Dear Diane, your longings and your struggles are dear to the heart of God. We are made to be in community, and it is hard when we seem cut off from people and places where we find life and hope. Still, I would like to share with you a cartoon which spoke to me. God and the Devil are sitting together, with the globe in between them. The Devil says with a smirk, ‘With this virus, I’ve closed all the churches!’ And God, with a smile and an expansive gesture, replies, ‘And I’ve opened one in every home and family!’ You, and every one of us, are the church in action, praying, remembering others, reaching out however we can, seeking to become the change we long for. God’s peace be with you.

  4. Rick Porter on June 19, 2020 at 07:48

    Thank you Brother David for this reminder that we are people of this world and the next. There are always threatening storms of one kind or another. Right now the world is going through a washing machine experience that will turn everything we know of this world inside out and upside down. There is turmoil almost everywhere on the planet. And if I knew more perhaps it is everywhere. But that is just life.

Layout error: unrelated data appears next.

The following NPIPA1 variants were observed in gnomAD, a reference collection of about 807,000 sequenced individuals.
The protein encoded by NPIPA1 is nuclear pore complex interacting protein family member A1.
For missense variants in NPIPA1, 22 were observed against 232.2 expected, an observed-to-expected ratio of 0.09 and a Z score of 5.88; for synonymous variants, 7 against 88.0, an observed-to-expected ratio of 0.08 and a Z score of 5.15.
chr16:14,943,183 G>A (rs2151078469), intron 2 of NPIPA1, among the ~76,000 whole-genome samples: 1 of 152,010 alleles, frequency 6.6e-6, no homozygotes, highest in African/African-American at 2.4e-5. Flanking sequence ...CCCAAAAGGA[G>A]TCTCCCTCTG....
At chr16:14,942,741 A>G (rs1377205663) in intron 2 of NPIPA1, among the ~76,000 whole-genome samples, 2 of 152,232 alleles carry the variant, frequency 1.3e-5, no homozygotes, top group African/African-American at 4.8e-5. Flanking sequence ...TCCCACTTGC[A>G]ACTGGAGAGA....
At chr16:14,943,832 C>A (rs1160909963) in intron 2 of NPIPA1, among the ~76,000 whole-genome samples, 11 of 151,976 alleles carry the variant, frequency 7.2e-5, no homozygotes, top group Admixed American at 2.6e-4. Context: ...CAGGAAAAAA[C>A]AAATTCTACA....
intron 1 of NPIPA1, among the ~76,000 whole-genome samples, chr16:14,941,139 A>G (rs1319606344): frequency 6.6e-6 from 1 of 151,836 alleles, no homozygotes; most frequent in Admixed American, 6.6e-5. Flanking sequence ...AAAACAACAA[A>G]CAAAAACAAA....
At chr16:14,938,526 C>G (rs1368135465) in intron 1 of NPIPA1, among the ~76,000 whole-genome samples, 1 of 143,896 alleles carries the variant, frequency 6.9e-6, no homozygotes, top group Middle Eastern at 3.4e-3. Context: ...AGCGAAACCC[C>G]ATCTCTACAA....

Jesus is with us. Jesus lived through and died in the midst of the social and political storms of his day. It was fear of social change that drove the Jewish leaders to demand his death. I don’t know how anyone in our world today can be without fear of the pandemics of the virus, the unleashed anger of the black community and the the coming of a new economic order. Our world as we know it will be significantly different 5-10 years from now when things settle down. But Jesus promises peace right here right now. Just not peace as the world knows it. We must accept these frightening times and rely upon that promise. We are God’s beloved children. We will each go home to him. We can have His peace in our hearts.

  5. Pat ells on June 19, 2020 at 05:35

    Thank you br. David your words resonate here in June 2020 . As they did down through the ages.stay .

  6. JoAnn L on July 31, 2019 at 15:45

    Thank you Brother David for words of hope at this time when it feels like the world, as I have always thought I knew it, is collapsing about us.

  7. Darrell Johnson on July 31, 2019 at 13:27